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January 30th, 2014

Unanswerable Questions in Infectious Diseases: Persistent MRSA Bacteremia

White_square_with_question_markOk, here’s a favorite of adult ID specialists everywhere — a real tough one. The case goes something like this:

Older person, many medical problems. Probably is on hemodialysis, with the vascular surgeons having some difficulty with access. There’s diabetes, of course, and cardiovascular disease, and oh yeah, a mechanical aortic valve that’s around 10 years old. Some toes are missing from prior surgical treatment of osteomyelitis.

Now? Fever and mental status changes have brought him/her to the hospital, and 100% of the umpteen blood cultures done since admission are positive for MRSA. They remain positive even though the MIC to vancomycin is 1.0 and the trough concentration of the drug is 18.

Since starting on vancomycin, the patient has improved somewhat, but continues to have fevers and, yes, positive blood cultures. Lots of them — it’s been days. Vancomycin MIC is checked again, and it remains unchanged. Maybe even it’s 0.5 this time. An exhaustive search for a removable focus of infection has yielded nothing — no abscess, no valvular vegetations/root abscess, no spinal osteomyelitis, clots. A cardiac surgeon has been consulted, and passes on the opportunity to replace the valve, thank you very much. The dialysis AV fistula is functioning, for now, but is not red or draining.

So the question is this:

With persistent MRSA bacteremia despite “appropriate” vancomycin therapy, should the antibiotics be changed?

Lots of options out there. Linezolid. Daptomycin. Ceftaroline (off label, of course). Combination therapy, with the idea that more should be better, naturally. You could add gentamicin (really?), or rifampin (biofilms!), or do a vancomycin/beta-lactam combination.

Let’s hear from you — vote on these options (as I said, there are lots of them this time), then comment away.

The MRSA bacteremia won’t go away despite “therapeutic” vancomycin — what to do with the antibiotics?

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6 Responses to “Unanswerable Questions in Infectious Diseases: Persistent MRSA Bacteremia”

  1. George Kandelaki MD says:

    Dapto will be reasonable next move, followed by valve replacement if blood cultures continue to be positive.

  2. Federico says:

    My first thought is that since MRSA is still hanging around in the blood steam, there’s have to be a source, even though there’s isn’t any evidence of it. Valve replacement is indicated in this patient because of multiple causes (DBT, MRSA, etc.). Once surgery is performed, continue with Vanco and take blood cultures would be my best approach; wait until results come and hopefully they will turn out to be negative. If not, I would switch to linezolid. This is a very challenging patient Dr. Sax so please make the next one a little bit easier for us:)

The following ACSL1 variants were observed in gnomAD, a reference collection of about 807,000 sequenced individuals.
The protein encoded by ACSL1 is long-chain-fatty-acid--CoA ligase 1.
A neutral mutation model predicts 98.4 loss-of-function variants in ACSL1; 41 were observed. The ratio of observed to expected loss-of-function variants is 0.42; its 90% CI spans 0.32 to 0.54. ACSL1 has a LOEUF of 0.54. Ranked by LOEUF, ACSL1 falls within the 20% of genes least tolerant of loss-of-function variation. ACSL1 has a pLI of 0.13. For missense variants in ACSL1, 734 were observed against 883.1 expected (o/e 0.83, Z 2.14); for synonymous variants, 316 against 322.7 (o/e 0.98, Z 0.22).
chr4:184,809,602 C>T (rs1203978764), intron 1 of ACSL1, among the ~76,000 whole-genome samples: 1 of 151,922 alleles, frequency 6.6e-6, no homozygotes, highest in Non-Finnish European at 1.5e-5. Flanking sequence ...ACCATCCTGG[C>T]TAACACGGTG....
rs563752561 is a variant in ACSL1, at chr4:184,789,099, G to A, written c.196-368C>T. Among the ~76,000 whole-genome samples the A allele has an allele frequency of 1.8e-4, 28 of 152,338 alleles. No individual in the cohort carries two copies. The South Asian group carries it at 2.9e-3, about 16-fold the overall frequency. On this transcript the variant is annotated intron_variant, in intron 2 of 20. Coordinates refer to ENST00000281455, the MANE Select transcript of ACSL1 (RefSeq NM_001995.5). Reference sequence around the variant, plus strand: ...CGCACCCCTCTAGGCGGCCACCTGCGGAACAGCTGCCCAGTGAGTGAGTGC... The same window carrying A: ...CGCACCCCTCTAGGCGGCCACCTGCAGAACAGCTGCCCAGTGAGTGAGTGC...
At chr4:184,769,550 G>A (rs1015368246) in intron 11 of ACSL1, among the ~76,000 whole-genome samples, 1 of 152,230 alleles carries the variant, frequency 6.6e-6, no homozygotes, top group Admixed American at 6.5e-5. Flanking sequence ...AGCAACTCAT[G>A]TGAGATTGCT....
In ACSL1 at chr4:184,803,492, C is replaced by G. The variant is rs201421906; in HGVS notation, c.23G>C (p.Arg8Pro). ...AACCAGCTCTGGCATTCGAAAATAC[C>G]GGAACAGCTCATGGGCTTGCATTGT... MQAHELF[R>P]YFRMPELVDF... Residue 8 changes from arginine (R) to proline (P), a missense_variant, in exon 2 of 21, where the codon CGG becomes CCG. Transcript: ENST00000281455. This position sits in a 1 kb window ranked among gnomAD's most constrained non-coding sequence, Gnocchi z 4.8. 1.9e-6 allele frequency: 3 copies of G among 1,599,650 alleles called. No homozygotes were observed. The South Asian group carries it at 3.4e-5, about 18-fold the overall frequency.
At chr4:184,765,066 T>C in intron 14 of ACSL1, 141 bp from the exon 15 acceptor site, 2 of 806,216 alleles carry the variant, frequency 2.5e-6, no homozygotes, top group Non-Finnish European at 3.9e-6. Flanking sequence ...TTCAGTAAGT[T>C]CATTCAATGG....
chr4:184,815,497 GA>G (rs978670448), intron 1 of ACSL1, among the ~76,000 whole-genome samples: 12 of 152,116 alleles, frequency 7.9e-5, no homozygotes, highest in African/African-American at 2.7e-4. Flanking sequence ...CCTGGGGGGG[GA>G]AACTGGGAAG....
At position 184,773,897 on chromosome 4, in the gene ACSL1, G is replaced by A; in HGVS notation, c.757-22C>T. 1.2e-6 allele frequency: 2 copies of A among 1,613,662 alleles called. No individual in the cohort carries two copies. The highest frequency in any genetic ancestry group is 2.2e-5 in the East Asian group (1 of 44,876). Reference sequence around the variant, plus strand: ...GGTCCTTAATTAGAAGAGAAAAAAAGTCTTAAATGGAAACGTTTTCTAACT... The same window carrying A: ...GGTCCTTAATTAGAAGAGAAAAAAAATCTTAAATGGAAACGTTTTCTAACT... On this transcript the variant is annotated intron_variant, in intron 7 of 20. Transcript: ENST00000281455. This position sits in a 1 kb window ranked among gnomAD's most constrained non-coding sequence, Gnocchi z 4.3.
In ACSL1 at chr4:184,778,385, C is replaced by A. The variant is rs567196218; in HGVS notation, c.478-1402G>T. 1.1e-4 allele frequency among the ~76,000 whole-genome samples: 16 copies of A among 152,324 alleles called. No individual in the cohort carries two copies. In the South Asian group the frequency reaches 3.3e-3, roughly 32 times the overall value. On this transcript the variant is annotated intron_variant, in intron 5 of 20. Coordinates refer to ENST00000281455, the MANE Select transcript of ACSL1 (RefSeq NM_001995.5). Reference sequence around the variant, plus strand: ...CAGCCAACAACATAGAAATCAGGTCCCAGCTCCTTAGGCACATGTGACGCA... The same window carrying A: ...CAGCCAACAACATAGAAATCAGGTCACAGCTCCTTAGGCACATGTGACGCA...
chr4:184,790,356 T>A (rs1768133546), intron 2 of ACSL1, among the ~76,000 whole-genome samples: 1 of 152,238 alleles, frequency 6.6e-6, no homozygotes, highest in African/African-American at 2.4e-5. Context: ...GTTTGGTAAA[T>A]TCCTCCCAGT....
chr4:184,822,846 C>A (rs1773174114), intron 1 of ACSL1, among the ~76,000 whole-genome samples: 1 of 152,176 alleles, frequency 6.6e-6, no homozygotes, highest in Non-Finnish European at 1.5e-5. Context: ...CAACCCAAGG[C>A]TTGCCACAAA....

3. I always believed in “Treat the Patient Not the Level”. In this case I would label it as Therapeutic Failure. Trough of 18 but no microbial eradication means ? Biofilm, glycopeptide non permeability , ph lowering sec to lactic acidosis ,bactericidal failure switching to bacteriostatic status quo etc. I would definitely try Daptomycin but maybe 8mg/kg. Hiwever, I’ve been successful pushing Bicarb before Vanco and trying to re culture when patients don’t seem to be worsening clinically.

  4. Chiaying Liu, MD says:

    From my very personal experience, patients with persistent MRSA bacteremia who had experienced vancomycin treatment failure would not respond to daptomycin either. Even under 8-10mg/kg/day. The MIC of daptomycin would increase after vancomycin treatment. So, it may partly explain this phenomenon. Besides, the optimal dose and PK/PD model are not well-established in H/D patients. So, daptomycin may not be the best option, from my personal experience.

    For these patients with persistent MRSA bacteremia, you may need to contact the lab. If the blood culture time to positivity prolonged gradually, then it is more likely that vancomycin therapy may be successful. However, if the time to positivity remained stable, I tried to use linezolid plus rifampicin for 3-4 patients. MRSA bacteremia were successfully eradicated.

  5. Josh Davis says:

    Changing to Daptomycin will increase the daily cost of treatment by over 20-fold, and is unlikely to work based on the RCTs. Adding nafillin would cost a few dollars per day, and may well work (according to >15 in-vitro studies) . . . jury is still out but I am part of team currently running an RCT on this question

  6. Omar Vesga says:

    Sounds familiar: J. Infect. 2009; 59:277-80.

    These papers address really carefully the “vancomycin problem”:

    1. Antimicrob Agents Chemother. 2010; 54:3271-9.
    2. Antimicrob Agents Chemother. 2012; 56:2824-30.
    3. Antimicrob Agents Chemother. 2012; 56:2819-23.

    There are a couple more, but I disliked the methods.

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HIV Information: Author Paul Sax, M.D.

Paul E. Sax, MD

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Infectious Diseases

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